Saudi Aramco, Saudi Arabia’s national oil company, has had its Twitter hacked – Saudi Aramco, the national oil company of Saudi Arabia, has had its official Twitter account compromised by hackers. The hackers have changed the firm’s avatar and are tweeting out a series of messages.

Identity theft on the rise this tax season – Tax-related identity theft is a continuing problem. In fact, the National Tax Advocate reports that the use of stolen Social Security numbers to collect fraudulent tax refunds increased more than 78 percent from 2011 to 2012, affecting nearly 450,000 individuals.

Bogus Delta receipt confirmation leads to malware – Once again, Delta Air Lines customers are being targeted with spoofed emails supposedly carrying their eTicket, and are urged to download and open the attached PDF file purportedly containing it, or to follow offered links to it.

Invisible iFrame drive-by malware attacks explained (video 4:18) – iFrames allow webmasters to embed the content of one webpage into another, seamlessly. What’s sneaky is that malicious hackers can make the embedded content invisible to the naked eye, by making the window zero by zero pixels in size. You can’t see the threat, but your web browser is still dragging it down.

Company News:

Apple Launches New $1,099 Education-Only iMac – With little fanfare, Apple this week launched a new version of its low-end iMac for educational institutions.

LinkedIn Data Breach Lawsuit Dismissed – The professional networking site LinkedIn won a class-action lawsuit before it even went to trial after a judge this week dismissed claims from two premium users who maintained the company failed to provide the level of data security outlined in its privacy policy.

Microsoft shows off big data, big-screen prototypes at research fair – Microsoft researchers are showing off some of the many big-data, machine-learning and natural-user-interface technologies under development.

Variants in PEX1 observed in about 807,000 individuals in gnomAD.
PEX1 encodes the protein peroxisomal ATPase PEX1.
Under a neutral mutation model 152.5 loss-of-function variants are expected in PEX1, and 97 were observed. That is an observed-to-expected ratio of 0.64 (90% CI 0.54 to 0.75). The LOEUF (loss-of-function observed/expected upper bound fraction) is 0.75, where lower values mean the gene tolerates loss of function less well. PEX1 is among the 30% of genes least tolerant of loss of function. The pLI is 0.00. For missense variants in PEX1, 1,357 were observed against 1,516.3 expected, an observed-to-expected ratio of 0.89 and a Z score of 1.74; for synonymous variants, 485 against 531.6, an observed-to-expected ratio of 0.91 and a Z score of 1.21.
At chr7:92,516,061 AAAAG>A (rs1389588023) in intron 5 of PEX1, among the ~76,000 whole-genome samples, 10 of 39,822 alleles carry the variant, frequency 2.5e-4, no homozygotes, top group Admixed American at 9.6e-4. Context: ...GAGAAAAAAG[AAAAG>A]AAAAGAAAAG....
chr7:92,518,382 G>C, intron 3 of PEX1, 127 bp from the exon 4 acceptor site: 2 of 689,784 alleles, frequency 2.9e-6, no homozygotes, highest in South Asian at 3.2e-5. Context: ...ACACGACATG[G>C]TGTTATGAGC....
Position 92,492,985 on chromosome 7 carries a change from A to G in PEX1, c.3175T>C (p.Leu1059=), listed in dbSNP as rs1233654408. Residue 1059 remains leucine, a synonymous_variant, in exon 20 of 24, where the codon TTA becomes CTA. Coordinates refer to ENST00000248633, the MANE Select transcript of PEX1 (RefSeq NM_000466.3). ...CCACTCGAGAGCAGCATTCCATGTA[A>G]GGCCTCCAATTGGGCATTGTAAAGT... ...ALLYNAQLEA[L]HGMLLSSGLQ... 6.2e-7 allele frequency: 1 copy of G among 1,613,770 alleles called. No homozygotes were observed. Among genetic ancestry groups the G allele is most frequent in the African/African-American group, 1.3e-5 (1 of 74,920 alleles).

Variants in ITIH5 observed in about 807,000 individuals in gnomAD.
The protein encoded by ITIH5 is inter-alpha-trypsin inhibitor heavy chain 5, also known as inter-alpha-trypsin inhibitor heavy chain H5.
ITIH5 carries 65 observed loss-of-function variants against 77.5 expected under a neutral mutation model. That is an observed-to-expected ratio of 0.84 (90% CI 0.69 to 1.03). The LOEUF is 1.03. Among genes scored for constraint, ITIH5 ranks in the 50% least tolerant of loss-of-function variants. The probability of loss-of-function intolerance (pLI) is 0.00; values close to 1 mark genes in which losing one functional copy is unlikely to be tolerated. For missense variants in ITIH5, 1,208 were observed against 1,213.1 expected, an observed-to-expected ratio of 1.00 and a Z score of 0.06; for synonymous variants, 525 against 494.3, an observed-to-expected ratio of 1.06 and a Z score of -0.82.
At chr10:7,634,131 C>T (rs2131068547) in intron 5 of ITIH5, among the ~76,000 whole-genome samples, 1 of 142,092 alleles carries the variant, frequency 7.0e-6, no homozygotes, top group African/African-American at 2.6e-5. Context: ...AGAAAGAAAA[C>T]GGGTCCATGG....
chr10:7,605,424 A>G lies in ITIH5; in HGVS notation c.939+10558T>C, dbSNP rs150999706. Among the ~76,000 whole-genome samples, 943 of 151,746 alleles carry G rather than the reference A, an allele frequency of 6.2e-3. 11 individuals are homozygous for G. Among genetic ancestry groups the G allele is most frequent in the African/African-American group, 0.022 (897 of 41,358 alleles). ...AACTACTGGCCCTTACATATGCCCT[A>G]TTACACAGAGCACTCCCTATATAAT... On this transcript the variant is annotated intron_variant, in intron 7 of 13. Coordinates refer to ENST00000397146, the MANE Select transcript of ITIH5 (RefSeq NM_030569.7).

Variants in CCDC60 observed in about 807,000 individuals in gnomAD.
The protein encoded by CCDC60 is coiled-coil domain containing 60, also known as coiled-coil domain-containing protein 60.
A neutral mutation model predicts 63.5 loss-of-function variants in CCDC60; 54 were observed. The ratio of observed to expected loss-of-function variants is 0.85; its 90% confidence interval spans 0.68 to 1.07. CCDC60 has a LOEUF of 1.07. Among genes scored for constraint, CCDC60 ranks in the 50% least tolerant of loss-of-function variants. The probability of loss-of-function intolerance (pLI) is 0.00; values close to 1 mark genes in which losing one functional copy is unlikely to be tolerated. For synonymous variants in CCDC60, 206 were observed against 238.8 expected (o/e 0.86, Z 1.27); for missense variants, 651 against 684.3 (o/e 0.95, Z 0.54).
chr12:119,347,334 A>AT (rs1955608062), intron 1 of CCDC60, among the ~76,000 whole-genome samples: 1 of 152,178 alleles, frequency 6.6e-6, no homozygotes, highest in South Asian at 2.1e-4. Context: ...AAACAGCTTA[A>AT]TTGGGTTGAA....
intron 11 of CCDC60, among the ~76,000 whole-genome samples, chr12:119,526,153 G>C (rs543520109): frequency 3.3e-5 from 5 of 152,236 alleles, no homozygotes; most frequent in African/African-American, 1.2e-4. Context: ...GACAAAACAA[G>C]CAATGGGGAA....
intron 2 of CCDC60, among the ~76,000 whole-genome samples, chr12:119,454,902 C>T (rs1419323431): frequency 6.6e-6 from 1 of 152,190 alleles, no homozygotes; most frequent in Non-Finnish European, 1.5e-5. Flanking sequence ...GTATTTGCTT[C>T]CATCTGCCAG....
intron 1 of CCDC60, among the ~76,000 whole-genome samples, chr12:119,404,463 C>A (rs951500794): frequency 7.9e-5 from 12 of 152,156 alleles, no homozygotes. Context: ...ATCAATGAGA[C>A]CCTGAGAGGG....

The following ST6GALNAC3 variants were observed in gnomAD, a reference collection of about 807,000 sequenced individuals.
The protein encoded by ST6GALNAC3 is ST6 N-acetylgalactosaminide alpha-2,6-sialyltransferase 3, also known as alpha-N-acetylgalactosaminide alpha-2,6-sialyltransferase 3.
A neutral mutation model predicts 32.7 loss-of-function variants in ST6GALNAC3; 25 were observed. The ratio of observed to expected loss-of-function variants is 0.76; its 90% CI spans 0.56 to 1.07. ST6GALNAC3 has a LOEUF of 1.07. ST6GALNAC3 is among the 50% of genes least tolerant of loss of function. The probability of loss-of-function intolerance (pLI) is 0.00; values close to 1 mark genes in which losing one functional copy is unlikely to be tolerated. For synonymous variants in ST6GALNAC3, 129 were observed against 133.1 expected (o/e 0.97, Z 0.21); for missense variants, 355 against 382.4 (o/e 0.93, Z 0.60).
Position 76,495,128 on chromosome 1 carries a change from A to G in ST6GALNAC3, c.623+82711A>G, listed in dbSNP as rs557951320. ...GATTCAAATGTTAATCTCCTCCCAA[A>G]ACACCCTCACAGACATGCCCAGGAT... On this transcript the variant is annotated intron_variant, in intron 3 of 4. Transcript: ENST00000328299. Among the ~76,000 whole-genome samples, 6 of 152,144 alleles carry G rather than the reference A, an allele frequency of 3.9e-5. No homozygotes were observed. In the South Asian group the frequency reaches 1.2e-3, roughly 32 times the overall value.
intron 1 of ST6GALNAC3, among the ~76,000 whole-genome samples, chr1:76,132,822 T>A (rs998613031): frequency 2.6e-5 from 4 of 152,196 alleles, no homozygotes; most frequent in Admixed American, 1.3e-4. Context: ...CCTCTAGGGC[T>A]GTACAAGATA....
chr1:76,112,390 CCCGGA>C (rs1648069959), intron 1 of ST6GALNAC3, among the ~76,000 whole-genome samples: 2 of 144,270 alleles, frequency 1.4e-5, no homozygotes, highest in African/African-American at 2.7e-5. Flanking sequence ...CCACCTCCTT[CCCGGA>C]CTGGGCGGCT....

Webopedia Daily:

Protocol – An agreed-upon format for transmitting data between two devices. The protocol determines the following – the type of error checking to be used – data compression method, if any – how the sending device will indicate that it has finished sending a message – how the receiving device will indicate that it has received a message. From a user’s point of view, the only interesting aspect about protocols is that your computer or device must support the right ones if you want to communicate with other computers. The protocol can be implemented either in hardware or in software.

Games and Entertainment:

Want to be Smarter? Play Games – Playing video games is typically considered to be a form of recreation. As it turns out, playing games might just also be helping humans to become more resilient in their everyday lives and with IT.

Create a vast stockpile of PC games without draining your wallet – The emerging “bundling” trend lets users stockpile great indie games for a fraction of their already low prices when sold separately. Some bundles even adopt a “pay what you want” model, assuring you of a PC packed with more games that you can finish in a year, for a very low price. Interested? Allow me to share my favorite sources of inexpensive but awesome PC games.

Running is fun on the yellow brick road – Temple Run Oz is enough of a departure from the original games to warrant spending your 99 cents for the new scenery, obstacles, and mini-games.

There’s Trouble Brewing in SimCity – Not everyone may like the sacrifices that have been made to make this version of the SimWorld.

RetroArch Emulates Nearly Every Classic Gaming Console on Android – We love retro gaming, and Android’s always been a great platform for emulating the classics but multiple emulators were required to get the job done. Now you can download RetroArch and emulate nearly every classic console in a single app.

World of Warcraft: Mists of Pandaria – In this gallery, I highlight some of the key points of interest in the new continent, Pandaria, so you know what to look for (and what you’re looking at) as you quest through its seven (and a half — more on that later) zones.

‘Iron Man 3’ Trailer Shows Off Advanced Tech, New Villains – Marvel on Tuesday released a new “Iron Man 3” trailer, exciting comic book geeks and tech nerds alike.